Weaker peso expected under Duterte admin
THE INCOMING Duterte administration’s plan to further ramp up infrastructure spending would push the peso to a weaker but “more competitive” level of 50:$1 due to the expected higher demand for the US dollar to finance projects, economists at Bank of the Philippine Islands (BPI) said.
“A potent mix of external factors combined with the public deficit spending-induced surge in the country’s import bill is likely to push the Philippine peso to a more competitive level against the US dollar,” BPI said in a note to clients authored by lead economist Emilio S. Neri Jr., economist Nicholas Antonio T. Mapa and research officer Robbin Ivory P. Brillantes.
The peso’s depreciation to the P50 level “by year end until next year” meant the new administration needed to keep a dollar buffer to fund its aggressive infrastructure buildup, the economists said.
BPI also took note of a possible Fed policy shift of gradually increasing rates to support the US economy and the dollar.
Last week, a statement from the transition team of incoming Finance Secretary Carlos G. Dominguez said part of the proposed 10-point socioeconomic agenda of President-elect Rodrigo Duterte included “accelerating annual infrastructure spending to account for 5 percent of the gross domestic product (GDP), with public-private partnerships playing a key role.”
Incoming Budget Secretary Benjamin E. Diokno had said the annual budgets of the Duterte administration would prioritize higher public expenditures on vital infrastructure, equivalent to about 7 percent of GDP, noting that “the economy is deficient in all types of infrastructure—highways and bridges, ports and airports.”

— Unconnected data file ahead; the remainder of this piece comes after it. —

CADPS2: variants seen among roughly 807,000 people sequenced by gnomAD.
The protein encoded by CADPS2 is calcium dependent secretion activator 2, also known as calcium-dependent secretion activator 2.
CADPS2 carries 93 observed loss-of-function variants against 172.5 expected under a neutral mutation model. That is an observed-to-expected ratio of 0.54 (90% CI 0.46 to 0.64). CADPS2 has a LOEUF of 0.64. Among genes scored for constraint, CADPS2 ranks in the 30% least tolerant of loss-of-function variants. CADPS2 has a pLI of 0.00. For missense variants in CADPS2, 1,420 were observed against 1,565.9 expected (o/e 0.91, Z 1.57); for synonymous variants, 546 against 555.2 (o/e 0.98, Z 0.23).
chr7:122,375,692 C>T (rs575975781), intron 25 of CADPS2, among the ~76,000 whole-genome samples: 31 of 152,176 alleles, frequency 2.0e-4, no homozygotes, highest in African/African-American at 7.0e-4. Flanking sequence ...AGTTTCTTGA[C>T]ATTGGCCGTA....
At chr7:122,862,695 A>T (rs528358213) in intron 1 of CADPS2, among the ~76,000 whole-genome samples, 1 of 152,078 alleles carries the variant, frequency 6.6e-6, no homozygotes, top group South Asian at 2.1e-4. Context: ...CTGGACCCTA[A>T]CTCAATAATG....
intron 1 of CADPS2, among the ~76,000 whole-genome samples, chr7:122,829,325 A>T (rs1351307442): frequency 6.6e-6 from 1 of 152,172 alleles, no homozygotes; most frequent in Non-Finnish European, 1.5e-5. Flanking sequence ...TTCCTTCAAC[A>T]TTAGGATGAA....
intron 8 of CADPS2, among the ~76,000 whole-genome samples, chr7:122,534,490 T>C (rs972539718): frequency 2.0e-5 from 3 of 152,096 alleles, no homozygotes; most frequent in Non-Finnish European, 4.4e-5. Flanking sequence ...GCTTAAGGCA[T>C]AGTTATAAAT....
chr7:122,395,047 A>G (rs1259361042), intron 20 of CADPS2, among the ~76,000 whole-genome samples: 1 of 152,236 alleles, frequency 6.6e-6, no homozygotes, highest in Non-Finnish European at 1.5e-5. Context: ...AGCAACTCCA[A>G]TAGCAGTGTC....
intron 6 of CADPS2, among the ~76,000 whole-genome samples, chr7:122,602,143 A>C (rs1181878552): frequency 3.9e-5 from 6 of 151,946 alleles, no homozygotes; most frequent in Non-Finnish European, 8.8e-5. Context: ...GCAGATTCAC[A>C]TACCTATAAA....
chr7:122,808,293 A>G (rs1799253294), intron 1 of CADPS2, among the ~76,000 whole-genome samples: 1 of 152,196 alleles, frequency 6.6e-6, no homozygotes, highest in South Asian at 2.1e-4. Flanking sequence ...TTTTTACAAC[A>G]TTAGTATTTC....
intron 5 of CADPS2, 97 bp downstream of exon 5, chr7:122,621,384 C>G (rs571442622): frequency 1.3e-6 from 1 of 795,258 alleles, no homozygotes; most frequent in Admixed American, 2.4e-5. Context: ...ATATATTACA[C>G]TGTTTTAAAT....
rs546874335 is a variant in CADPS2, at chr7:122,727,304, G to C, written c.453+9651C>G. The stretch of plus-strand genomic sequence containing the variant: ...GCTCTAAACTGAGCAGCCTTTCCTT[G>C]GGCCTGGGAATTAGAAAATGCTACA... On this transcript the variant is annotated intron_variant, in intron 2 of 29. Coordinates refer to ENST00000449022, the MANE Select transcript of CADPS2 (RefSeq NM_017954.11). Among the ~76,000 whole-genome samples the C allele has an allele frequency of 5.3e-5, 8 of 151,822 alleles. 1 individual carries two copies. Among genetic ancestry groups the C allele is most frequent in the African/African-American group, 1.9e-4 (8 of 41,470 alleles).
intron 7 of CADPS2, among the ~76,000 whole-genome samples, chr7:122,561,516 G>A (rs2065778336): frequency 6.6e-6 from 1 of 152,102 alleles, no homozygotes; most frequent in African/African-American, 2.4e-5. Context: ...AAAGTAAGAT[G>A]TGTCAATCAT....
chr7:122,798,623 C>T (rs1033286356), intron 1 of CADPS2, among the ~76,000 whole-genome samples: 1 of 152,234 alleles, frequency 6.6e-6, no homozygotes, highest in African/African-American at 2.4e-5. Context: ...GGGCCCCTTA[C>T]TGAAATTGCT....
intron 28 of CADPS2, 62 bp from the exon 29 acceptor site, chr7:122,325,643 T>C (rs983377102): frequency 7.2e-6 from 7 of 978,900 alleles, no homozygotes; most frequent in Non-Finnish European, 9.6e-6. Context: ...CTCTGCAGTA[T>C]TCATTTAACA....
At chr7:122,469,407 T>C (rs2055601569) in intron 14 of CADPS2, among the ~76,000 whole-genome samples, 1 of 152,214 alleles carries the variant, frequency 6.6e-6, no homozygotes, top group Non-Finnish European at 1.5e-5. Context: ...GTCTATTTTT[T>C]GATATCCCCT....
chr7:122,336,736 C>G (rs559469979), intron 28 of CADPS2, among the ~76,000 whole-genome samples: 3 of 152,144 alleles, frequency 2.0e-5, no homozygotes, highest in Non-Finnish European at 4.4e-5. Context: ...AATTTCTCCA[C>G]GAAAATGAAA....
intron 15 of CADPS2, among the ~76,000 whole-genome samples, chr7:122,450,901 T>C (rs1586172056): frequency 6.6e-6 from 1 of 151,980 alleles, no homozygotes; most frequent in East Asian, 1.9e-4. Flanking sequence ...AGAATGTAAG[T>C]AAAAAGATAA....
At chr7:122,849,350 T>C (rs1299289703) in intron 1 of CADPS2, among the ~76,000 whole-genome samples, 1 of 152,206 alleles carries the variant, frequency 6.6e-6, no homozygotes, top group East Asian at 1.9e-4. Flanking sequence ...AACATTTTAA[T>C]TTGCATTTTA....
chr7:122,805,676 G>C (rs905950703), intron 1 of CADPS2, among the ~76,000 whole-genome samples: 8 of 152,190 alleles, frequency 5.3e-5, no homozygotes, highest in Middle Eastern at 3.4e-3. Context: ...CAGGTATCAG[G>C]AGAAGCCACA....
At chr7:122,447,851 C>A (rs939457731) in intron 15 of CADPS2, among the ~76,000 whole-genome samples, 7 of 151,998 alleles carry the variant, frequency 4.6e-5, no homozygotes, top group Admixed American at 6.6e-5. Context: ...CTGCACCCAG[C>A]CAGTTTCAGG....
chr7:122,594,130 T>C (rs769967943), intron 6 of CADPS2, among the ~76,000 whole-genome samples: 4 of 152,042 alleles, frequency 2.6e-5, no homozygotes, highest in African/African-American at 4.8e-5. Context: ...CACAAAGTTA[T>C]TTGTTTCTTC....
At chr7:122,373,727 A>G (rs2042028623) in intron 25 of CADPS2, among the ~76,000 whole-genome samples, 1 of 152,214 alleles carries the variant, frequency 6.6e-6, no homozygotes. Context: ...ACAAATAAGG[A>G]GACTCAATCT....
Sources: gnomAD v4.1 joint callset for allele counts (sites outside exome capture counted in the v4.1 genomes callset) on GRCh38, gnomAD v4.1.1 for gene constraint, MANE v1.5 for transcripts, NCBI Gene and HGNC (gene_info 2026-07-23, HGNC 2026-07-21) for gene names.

“There will be increased demand for the US dollar by the next administration for infrastructure spending and will likely have preference for domestic borrowing to fund deficits (which means no US-dollar financing flows for government, less of US dollars),” the economists said.
“Our estimates are about $145 billion will be needed in the next six years to fund this [infra program], assuming that three-fourths of the spending are from imported equipment and materials for construction,” BPI added.
In a text message last week, National Treasurer Roberto B. Tan said he already briefed Dominguez on the country’s borrowing plan for the rest of the year as well as the reform initiatives being pursued by the Bureau of the Treasury. Tan had said domestic sources would likely still account for the bulk of borrowings in the near term.
This year, domestic borrowing had been programmed to hit 84.5 percent of the total.
“Incoming President Duterte’s aggressive infrastructure spending plan will definitely invoke a sharp increase in importation of capital machinery, which would lead a bump up in dollar demand, also causing the peso to weaken. Traditional sources of dollar liquidity may remain, such as remittances flows and business process outsourcing receipts, but these may not be enough to compensate for the surge in importations,” the BPI economists said.
Subscribe to INQUIRER PLUS to get access to The Philippine Daily Inquirer & other 70+ titles, share up to 5 gadgets, listen to the news, download as early as 4am & share articles on social media. Call 896 6000.